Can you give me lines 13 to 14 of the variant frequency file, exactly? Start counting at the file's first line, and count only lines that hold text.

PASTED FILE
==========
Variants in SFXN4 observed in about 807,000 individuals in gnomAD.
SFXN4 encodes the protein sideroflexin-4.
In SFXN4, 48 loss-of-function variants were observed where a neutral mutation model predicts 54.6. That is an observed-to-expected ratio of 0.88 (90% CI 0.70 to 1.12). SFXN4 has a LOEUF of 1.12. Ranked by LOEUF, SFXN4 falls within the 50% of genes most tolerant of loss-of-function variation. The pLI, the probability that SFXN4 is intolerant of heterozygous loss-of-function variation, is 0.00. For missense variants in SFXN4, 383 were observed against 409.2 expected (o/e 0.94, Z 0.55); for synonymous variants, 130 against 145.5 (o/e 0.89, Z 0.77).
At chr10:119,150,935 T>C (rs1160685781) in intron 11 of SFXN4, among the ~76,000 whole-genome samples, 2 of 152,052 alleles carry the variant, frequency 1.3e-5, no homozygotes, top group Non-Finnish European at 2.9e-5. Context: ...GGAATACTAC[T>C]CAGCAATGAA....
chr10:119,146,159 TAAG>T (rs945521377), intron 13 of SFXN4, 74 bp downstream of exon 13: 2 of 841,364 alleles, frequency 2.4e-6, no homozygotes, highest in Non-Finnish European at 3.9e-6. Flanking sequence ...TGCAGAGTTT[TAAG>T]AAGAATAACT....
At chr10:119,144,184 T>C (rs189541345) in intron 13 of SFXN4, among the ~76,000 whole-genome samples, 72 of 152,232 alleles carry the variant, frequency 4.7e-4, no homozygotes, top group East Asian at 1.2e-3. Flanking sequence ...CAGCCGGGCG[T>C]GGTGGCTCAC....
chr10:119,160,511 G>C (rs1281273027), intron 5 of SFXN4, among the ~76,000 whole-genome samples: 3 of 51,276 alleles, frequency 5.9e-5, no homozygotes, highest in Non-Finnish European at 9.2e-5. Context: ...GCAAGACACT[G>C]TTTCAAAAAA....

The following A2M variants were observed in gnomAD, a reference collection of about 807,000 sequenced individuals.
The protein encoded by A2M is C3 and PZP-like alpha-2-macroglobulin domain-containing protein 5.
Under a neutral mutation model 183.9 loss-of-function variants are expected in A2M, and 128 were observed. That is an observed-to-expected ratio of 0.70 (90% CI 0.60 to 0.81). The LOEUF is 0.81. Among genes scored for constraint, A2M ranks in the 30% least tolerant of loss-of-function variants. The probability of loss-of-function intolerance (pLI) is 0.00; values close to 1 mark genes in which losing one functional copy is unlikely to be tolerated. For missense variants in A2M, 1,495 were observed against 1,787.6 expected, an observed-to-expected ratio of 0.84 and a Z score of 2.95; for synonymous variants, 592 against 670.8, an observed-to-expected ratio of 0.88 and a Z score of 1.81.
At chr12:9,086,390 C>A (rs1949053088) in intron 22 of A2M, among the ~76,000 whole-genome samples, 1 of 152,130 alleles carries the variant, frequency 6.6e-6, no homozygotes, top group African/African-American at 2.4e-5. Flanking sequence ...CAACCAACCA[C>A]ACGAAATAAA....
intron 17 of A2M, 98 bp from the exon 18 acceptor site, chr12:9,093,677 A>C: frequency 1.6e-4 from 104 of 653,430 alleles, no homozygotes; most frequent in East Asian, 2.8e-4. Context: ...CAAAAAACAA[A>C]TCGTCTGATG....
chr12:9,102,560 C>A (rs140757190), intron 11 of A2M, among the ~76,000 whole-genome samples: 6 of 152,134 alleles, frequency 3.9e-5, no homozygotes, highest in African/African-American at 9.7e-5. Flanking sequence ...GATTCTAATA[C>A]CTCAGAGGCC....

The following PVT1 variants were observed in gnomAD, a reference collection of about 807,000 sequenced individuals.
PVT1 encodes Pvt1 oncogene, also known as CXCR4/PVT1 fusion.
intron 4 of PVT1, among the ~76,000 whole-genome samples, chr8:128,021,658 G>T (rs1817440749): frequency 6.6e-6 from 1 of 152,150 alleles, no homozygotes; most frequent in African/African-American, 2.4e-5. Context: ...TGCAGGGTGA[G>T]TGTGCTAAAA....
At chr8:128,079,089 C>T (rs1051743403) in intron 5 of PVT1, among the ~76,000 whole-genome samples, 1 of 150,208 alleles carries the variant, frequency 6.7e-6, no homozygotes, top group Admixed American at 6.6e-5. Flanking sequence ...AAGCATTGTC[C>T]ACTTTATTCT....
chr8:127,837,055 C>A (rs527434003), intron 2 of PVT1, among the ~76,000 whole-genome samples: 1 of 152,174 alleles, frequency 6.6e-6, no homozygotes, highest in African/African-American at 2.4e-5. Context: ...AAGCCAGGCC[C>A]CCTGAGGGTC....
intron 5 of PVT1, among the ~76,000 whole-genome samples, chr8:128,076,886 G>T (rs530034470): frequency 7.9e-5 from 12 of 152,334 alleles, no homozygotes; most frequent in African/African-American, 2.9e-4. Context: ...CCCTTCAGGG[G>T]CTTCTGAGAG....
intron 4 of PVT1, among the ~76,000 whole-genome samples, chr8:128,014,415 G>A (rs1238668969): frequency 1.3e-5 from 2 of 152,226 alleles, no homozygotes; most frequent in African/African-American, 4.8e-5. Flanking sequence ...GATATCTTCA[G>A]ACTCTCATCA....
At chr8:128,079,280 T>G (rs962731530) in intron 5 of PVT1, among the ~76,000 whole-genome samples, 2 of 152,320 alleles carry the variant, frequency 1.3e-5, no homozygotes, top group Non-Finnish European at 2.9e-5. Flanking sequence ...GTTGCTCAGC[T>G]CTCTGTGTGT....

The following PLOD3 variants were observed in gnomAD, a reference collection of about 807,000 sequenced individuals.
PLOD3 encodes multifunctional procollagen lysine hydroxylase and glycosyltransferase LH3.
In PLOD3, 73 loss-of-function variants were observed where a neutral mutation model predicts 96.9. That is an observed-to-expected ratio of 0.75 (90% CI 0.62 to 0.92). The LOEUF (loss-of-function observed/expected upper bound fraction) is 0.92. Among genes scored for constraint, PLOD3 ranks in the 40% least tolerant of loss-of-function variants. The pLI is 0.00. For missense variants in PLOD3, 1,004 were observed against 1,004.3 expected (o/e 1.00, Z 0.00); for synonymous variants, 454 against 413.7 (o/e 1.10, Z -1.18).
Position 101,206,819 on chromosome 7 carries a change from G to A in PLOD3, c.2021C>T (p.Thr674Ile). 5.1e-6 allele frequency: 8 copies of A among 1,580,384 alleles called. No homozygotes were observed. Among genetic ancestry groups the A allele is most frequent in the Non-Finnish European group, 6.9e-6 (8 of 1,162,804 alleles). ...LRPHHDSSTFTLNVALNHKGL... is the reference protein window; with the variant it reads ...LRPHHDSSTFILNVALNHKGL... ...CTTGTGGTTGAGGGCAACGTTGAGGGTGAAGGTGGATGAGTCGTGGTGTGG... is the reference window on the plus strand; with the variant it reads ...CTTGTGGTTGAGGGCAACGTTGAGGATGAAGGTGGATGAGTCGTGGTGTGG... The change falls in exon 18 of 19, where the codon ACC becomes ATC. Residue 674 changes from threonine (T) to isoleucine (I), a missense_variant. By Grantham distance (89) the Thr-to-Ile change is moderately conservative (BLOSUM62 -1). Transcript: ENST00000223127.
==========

chr12:9,102,560 C>A (rs140757190), intron 11 of A2M, among the ~76,000 whole-genome samples: 6 of 152,134 alleles, frequency 3.9e-5, no homozygotes, highest in African/African-American at 9.7e-5. Flanking sequence ...GATTCTAATA[C>A]CTCAGAGGCC....

The following PVT1 variants were observed in gnomAD, a reference collection of about 807,000 sequenced individuals.